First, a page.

It occasionally happens in an attack or attacks of iritis that the whole pupillary margin of the iris becomes bound down to the lens in the form of a ring or annular synechia. This interrupts the passage of aqueous from the posterior to the anterior chamber. Accumulated hydrostatic pressure behind the iris causes it to bulge forward in the shape of a doughnut or umbrella, a condition designated in ophthalmic parlance as iris bombé or ballooning of the iris. The protrusion is not usually equal all around but is furrowed by depressions where the iris is bound down by adhesions.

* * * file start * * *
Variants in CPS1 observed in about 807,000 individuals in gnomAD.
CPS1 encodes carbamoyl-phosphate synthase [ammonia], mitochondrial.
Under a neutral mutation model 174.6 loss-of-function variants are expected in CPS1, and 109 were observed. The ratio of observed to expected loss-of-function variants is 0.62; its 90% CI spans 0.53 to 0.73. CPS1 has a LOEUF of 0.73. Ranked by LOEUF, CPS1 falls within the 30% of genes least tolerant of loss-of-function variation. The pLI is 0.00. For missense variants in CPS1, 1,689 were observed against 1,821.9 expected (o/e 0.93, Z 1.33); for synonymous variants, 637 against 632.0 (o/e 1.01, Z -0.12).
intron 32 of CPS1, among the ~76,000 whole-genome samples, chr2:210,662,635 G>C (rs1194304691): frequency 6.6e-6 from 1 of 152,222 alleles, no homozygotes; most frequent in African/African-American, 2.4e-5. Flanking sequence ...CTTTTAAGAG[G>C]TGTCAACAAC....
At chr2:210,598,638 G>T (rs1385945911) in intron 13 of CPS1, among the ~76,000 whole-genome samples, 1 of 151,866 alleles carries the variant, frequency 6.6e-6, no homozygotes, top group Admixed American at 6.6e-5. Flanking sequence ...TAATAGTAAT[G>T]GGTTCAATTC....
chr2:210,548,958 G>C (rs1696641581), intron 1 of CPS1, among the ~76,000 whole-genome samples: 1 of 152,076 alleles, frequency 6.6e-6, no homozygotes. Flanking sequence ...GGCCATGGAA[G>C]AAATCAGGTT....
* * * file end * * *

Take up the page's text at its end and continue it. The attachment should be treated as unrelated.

The pupil appears as a crater and seems farther depressed because of the bulging of the surrounding iris. The latter may almost fill the anterior chamber, while the forward displacement at the periphery is liable to bring the iris in contact with the cornea, closing the angle of the anterior
HORNER WD. TREATMENT OF IRIS BOMBé BY IRIDECTOMIA AB EXTERNO: REPORT OF CASES. Arch Ophthalmol. 1936;15(1):70–77. doi:10.1001/archopht.1936.00840130080008
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